How much silicon is there in Silicon Valley? Not much, if we are talking super-pure monocrystalline silicon, which is the high-end material driving the digital revolution.
As with countless other advanced materials these days, most of the world’s semiconductor-grade silicon comes from Japan (yes, Japan Inc has kept on trucking even if this is rarely noted in the American press). By far the world’s largest producer is Tokyo-based Shin-Etsu Chemical. Meanwhile the only other significant source globally is SUMCO, also a Japanese company. These companies produce so-called silicon ingots, huge silvery carrot-shaped items that are then sliced into silicon wafers by countless lesser manufacturers around the world, not least various manufacturers in the United States.
Though you have probably never heard of Shin-Etsu, its silicon ingot division is a remarkable business – the ultimate survivor in a grueling winnowing-out process that has been going on for two generations. The industry was pioneered in the United States, and for a time such U.S. corporations as Raytheon and Monsanto played a leading role. But they could not keep up and eventually exited. For a time Munich-based Wacker Chemie was a significant player, but it too fell by the wayside. (Wacker remains in the silicon business but only as a producer of so-called polysilicon, a lower grade material that has various humbler applications in electronics.)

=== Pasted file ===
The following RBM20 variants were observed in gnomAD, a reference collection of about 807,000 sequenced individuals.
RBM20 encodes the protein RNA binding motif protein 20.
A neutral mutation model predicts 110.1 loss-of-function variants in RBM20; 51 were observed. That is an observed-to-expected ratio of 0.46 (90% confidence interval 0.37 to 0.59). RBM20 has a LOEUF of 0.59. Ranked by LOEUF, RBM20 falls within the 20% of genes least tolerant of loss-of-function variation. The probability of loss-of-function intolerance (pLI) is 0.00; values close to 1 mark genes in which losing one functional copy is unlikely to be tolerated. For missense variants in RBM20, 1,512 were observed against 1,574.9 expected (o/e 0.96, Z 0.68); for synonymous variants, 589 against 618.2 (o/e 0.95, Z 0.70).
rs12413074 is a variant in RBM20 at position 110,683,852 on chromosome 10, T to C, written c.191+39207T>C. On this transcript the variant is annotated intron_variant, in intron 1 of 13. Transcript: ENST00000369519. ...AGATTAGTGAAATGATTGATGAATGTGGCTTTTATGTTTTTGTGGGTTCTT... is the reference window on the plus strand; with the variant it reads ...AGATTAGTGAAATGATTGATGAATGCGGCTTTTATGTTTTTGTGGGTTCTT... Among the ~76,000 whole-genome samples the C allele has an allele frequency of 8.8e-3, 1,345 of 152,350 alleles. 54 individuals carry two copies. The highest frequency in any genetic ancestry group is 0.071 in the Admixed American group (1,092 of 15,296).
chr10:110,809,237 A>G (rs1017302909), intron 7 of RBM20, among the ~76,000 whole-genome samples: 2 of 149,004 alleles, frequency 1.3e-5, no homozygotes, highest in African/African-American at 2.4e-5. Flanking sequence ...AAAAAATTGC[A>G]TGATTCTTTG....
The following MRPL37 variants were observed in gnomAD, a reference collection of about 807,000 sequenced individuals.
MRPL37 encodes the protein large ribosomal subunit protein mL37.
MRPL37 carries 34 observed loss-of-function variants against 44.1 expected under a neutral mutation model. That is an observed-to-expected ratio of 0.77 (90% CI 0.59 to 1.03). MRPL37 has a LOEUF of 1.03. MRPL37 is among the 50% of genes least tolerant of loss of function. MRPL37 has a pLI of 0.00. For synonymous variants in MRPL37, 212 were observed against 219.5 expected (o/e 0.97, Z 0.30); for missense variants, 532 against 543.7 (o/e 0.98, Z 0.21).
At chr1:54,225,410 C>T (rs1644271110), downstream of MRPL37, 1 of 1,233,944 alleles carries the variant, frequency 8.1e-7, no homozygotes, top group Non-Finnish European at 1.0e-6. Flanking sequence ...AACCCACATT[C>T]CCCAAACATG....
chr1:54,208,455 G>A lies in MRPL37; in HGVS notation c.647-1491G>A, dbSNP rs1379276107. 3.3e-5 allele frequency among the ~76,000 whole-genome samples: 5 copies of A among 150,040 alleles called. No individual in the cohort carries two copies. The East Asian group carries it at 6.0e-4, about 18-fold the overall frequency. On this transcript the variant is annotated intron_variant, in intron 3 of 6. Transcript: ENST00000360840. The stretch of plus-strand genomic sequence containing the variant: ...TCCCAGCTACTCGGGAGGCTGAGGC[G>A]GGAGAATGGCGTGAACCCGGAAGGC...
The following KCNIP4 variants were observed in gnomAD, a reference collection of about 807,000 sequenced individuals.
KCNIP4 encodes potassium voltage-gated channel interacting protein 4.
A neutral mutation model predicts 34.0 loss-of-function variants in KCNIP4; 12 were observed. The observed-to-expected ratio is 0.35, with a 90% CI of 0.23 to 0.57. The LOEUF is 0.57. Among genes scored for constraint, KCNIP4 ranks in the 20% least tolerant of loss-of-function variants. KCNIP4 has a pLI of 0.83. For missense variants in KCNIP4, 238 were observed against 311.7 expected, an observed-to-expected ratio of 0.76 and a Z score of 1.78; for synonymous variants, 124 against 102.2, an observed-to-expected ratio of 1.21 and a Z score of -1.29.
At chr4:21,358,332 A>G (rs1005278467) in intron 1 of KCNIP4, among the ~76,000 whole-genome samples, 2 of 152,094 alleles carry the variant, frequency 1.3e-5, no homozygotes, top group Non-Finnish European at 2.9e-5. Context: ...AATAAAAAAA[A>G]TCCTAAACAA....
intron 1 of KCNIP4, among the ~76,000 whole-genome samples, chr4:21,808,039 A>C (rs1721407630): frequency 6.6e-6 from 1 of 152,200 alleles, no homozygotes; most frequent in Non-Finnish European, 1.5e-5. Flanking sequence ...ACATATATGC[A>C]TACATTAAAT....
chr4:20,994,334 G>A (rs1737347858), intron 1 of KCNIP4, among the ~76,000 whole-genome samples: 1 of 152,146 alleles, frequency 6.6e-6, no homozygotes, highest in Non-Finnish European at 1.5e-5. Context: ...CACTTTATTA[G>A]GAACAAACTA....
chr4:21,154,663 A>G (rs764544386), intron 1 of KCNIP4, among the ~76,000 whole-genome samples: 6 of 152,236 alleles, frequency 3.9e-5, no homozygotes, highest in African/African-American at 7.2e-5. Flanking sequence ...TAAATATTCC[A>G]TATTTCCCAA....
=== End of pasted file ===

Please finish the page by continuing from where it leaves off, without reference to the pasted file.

It is fair to say that if a bunch of Mutant Ninja Turtles wanted to get Planet Earth’s attention, they could usefully start by taking out Shin-Etsu. The resulting silicon shortage would make the notorious Arab oil embargo of the mid-1970s look like a picnic.
By any standards, Shin-Etsu’s monocrystalline silicon division is a classic instance of Warren Buffett’s precept that “a truly great business must have an enduring ‘moat’ that protects excellent returns on invested capital.”